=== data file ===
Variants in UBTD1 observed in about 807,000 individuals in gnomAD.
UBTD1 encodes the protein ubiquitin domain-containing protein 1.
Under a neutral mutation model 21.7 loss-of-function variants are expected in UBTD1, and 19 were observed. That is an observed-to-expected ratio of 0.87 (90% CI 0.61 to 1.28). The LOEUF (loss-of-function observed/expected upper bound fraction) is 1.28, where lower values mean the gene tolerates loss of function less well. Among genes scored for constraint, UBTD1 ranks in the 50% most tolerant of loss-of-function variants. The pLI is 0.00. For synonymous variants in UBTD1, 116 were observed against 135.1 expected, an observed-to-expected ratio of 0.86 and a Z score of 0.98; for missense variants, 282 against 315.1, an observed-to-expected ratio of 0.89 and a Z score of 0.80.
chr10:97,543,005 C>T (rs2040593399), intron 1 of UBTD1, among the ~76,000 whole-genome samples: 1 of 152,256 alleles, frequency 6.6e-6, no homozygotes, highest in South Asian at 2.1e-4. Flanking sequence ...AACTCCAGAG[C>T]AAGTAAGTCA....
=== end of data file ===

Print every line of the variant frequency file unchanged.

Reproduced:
Variants in UBTD1 observed in about 807,000 individuals in gnomAD.
UBTD1 encodes the protein ubiquitin domain-containing protein 1.
Under a neutral mutation model 21.7 loss-of-function variants are expected in UBTD1, and 19 were observed. That is an observed-to-expected ratio of 0.87 (90% CI 0.61 to 1.28). The LOEUF (loss-of-function observed/expected upper bound fraction) is 1.28, where lower values mean the gene tolerates loss of function less well. Among genes scored for constraint, UBTD1 ranks in the 50% most tolerant of loss-of-function variants. The pLI is 0.00. For synonymous variants in UBTD1, 116 were observed against 135.1 expected, an observed-to-expected ratio of 0.86 and a Z score of 0.98; for missense variants, 282 against 315.1, an observed-to-expected ratio of 0.89 and a Z score of 0.80.
chr10:97,543,005 C>T (rs2040593399), intron 1 of UBTD1, among the ~76,000 whole-genome samples: 1 of 152,256 alleles, frequency 6.6e-6, no homozygotes, highest in South Asian at 2.1e-4. Flanking sequence ...AACTCCAGAG[C>T]AAGTAAGTCA....